Indigenous people are increasingly seeking to claim their occupation in multiple areas of society that go far beyond the limits of their villages.
That is, recognition of this identity permeates this experience as a villager or not. It goes through a whole process of rescuing and acknowledging its history as a people, whether in rural or urban areas. Affirmative action policies reinforce this need for indigenous people to occupy different spaces. This is a very strong demand currently, generating a change in this look, even if still in an embryonic way.
I think that this is also our role as educators, academics and occupants of different activities: to demystify this idea about indigenous identities, whether in schools or in the multiple spaces that we come to occupy.
His doctoral thesis in Anthropology from the Fluminense Federal University (UFF) is entitled “‘Indios PT in Maricá?’: Conflicts, stigma and territorialization strategies in the Guarani village Mbya Ka’Aguy Hovy Porã”. Can you comment on the case of this municipality, specifically the relationship of the municipal administration with the indigenous issue?
Maricá today has two indigenous villages, both belonging to the Guarani-Mbya people: the Ara Hovy village, located in the Tiririca mountain range in Itaipuaçu, and the Ka’Aguy Hovy Porã village, located in the Environmental Protection Area (APA) of Maricá, which the one I had the most contact with. This village brings a differentiated data.
The group, which at the time was occupying an area on the coast of Niterói in Camboinhas, received an invitation from the mayor at the time (Washington Quaquá) in 2013 to occupy an area of the city and build their village there. This is a very different fact: a mayor invites an indigenous group to occupy his city at the time of his administration. This was done and the group began to occupy an area of the Maricá APA.
The group, therefore, now has the various public policies developed in the city: such as the Bolsa Mumbuca Indígena (a kind of municipal Bolsa Família with a differentiated value for indigenous peoples), Escola Multiseriada (offering children’s education and part of elementary education) and Posto of Health within the space of the village.
At the same time, the group today suffers from the existing territorial conflict due to the construction project of the tourist-residential complex Fazenda São Bento da Lagoa. The area they occupy is claimed by the Spanish company IDB Brasil for the construction of the development’s residential complex. The work at this moment remains with the license suspended. There were protests this year around the village when the development began its works, when the license was in effect.
A relevant fact to mention is that part of the complex that makes up the large enterprise is now called Maraey. The term comes from the concept “Yvy mara’ey” (land without evil), which is a term of great importance for the construction of the Guarani Mbya identity. The term is later used by the company after its contact with the village. What seems contradictory is that it is precisely in relation to a group of the Guarani Mbya people that the conflicts over the construction of the resort are established.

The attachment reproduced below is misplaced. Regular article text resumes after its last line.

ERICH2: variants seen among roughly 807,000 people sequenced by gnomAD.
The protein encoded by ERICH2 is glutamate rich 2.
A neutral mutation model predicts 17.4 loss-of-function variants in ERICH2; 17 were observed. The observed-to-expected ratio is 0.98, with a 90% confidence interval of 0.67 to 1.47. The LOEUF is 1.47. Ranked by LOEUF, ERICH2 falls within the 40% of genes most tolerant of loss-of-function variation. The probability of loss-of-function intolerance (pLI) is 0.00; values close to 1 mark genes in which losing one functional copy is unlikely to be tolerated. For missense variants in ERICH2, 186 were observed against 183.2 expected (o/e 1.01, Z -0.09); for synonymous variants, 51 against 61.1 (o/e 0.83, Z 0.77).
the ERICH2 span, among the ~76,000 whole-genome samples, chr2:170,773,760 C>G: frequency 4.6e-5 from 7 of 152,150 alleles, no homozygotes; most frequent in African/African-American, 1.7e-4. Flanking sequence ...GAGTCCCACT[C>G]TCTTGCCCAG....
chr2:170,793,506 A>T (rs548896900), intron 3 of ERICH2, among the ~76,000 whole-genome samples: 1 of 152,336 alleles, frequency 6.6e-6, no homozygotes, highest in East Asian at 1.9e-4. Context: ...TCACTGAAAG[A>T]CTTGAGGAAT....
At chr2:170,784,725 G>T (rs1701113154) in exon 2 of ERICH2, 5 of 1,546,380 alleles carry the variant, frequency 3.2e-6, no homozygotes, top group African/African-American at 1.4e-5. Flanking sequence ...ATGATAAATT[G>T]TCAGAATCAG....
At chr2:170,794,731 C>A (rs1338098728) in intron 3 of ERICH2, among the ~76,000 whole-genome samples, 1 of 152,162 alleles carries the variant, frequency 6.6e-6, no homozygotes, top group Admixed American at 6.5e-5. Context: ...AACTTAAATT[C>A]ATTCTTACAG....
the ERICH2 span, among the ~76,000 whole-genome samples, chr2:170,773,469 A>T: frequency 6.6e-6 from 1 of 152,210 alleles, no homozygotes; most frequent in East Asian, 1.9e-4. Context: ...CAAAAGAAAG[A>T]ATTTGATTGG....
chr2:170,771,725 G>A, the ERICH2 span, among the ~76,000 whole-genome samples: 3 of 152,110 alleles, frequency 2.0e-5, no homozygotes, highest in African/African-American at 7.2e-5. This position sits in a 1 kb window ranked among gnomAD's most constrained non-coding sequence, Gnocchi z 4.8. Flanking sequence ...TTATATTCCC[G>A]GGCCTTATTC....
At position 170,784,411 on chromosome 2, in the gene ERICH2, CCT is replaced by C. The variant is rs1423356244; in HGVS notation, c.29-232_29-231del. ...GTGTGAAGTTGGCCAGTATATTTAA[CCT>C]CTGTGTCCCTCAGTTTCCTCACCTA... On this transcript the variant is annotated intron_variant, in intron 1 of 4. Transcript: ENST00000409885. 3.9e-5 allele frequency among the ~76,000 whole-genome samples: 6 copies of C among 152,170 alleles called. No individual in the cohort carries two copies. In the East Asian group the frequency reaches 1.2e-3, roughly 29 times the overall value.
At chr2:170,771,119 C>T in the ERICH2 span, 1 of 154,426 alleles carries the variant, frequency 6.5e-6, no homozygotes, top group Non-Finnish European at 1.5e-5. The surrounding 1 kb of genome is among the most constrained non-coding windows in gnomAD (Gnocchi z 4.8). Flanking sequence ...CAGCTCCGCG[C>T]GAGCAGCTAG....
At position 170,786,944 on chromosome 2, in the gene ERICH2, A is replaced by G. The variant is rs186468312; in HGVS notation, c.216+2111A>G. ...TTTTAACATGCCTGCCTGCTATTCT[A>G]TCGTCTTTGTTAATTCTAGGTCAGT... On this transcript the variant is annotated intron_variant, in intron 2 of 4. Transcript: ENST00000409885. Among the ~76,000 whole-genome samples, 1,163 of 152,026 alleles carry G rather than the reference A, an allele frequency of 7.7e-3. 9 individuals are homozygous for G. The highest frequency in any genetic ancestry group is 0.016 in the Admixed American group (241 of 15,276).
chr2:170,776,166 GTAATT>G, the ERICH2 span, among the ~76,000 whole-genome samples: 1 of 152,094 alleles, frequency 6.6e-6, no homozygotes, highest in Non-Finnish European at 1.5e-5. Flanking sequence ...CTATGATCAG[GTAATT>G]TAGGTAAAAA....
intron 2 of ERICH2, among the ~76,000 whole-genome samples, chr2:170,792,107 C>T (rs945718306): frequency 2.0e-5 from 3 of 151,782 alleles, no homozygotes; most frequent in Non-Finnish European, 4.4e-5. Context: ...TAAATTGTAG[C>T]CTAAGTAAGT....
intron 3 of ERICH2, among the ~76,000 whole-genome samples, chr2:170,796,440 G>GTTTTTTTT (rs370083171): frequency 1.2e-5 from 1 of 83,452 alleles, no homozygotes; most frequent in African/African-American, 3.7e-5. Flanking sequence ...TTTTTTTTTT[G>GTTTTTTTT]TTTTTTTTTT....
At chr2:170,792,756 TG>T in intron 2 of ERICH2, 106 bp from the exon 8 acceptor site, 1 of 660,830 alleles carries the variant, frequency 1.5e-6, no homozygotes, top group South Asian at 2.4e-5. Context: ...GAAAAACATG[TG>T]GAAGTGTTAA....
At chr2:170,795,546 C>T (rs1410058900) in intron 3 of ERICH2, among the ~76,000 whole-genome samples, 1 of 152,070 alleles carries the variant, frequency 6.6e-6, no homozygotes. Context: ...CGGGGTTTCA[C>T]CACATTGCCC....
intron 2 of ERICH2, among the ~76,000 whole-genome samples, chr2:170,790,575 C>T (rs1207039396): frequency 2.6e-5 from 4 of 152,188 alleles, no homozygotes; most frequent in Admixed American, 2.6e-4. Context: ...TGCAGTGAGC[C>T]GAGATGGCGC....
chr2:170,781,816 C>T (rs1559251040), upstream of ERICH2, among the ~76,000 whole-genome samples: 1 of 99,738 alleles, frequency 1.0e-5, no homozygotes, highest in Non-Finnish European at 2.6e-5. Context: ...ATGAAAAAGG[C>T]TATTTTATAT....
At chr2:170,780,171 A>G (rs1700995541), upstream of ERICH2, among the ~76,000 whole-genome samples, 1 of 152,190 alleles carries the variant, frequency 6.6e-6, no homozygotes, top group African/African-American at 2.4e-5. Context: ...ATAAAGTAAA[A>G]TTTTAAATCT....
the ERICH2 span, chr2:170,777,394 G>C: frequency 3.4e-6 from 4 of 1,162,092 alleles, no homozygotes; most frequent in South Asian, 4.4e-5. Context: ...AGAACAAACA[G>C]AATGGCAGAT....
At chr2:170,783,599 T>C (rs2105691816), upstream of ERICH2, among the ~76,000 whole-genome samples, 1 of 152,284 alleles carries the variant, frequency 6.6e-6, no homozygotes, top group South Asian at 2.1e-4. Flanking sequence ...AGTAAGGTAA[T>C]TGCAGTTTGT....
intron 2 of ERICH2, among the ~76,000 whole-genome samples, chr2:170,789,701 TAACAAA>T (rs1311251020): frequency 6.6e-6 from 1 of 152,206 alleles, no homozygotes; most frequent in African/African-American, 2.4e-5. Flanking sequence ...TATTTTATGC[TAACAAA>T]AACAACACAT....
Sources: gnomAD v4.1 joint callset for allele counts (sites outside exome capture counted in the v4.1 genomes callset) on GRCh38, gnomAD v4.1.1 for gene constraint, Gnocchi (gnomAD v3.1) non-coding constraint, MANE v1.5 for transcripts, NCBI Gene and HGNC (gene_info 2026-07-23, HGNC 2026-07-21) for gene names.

How is the situation of indigenous peoples in other regions of the state of Rio?
With regard to indigenous villages, Rio de Janeiro had, in 2020, according to data from the National Indian Foundation (Funai), six villages: three regularized villages, one in the delimitation phase and two in the study phase. We know that there are more villages in the state, such as the villages of Maricá, that have not had or are still in the initial process of demarcating their lands, also the result of a whole policy of freezing these processes, organized in the previous government.
Most of the villages in the state are made up of Guaranis, in this case the Guarani Mbya. Several academic works, such as the doctoral thesis by Luis Carlos de Oliveira Lopes (2019) will show how Rio de Janeiro goes from a state in which the extinction of indigenous peoples is declared (as seen in the 1970s) to a process of ethnic-political emergency linked to the construction of the BR-101 highway.
The fact is that there have always been indigenous peoples in the southern coast of the state, and the construction of the highway promoted the visibility of the traditional populations that occupied the space.
This context of threat to permanence in the place ends up forcing the indigenous people to mobilize and take part in numerous processes of territorialization in the 1980s that culminate in the demarcations initiated in the 1990s.
It was there that the demarcation process began, such as what happened in the village of Paraty-Mirim, followed by Araponga, Bracuí and Rio Pequeno, for example. In addition to the aforementioned villages, it is worth remembering that there are several urban villages, such as Aldeia Maracanã, and several indigenous residents and occupants of different spaces in the city.’
Source: BdF Rio de Janeiro
Editing: Mariana Pitasse